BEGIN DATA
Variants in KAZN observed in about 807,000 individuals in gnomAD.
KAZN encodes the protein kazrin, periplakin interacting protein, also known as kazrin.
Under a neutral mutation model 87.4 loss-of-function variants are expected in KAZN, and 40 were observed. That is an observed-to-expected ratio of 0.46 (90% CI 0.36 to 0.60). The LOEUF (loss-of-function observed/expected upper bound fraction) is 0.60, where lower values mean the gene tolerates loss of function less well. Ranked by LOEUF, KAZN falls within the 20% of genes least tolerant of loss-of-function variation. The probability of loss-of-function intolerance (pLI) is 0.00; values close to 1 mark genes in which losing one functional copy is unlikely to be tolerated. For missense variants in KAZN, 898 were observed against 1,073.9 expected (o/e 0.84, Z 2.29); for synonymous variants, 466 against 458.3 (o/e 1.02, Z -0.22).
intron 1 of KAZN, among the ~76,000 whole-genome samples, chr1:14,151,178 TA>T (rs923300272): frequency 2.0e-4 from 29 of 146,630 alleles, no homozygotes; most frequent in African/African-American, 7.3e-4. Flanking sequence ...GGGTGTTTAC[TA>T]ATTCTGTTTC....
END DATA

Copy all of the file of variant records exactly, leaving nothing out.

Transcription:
Variants in KAZN observed in about 807,000 individuals in gnomAD.
KAZN encodes the protein kazrin, periplakin interacting protein, also known as kazrin.
Under a neutral mutation model 87.4 loss-of-function variants are expected in KAZN, and 40 were observed. That is an observed-to-expected ratio of 0.46 (90% CI 0.36 to 0.60). The LOEUF (loss-of-function observed/expected upper bound fraction) is 0.60, where lower values mean the gene tolerates loss of function less well. Ranked by LOEUF, KAZN falls within the 20% of genes least tolerant of loss-of-function variation. The probability of loss-of-function intolerance (pLI) is 0.00; values close to 1 mark genes in which losing one functional copy is unlikely to be tolerated. For missense variants in KAZN, 898 were observed against 1,073.9 expected (o/e 0.84, Z 2.29); for synonymous variants, 466 against 458.3 (o/e 1.02, Z -0.22).
intron 1 of KAZN, among the ~76,000 whole-genome samples, chr1:14,151,178 TA>T (rs923300272): frequency 2.0e-4 from 29 of 146,630 alleles, no homozygotes; most frequent in African/African-American, 7.3e-4. Flanking sequence ...GGGTGTTTAC[TA>T]ATTCTGTTTC....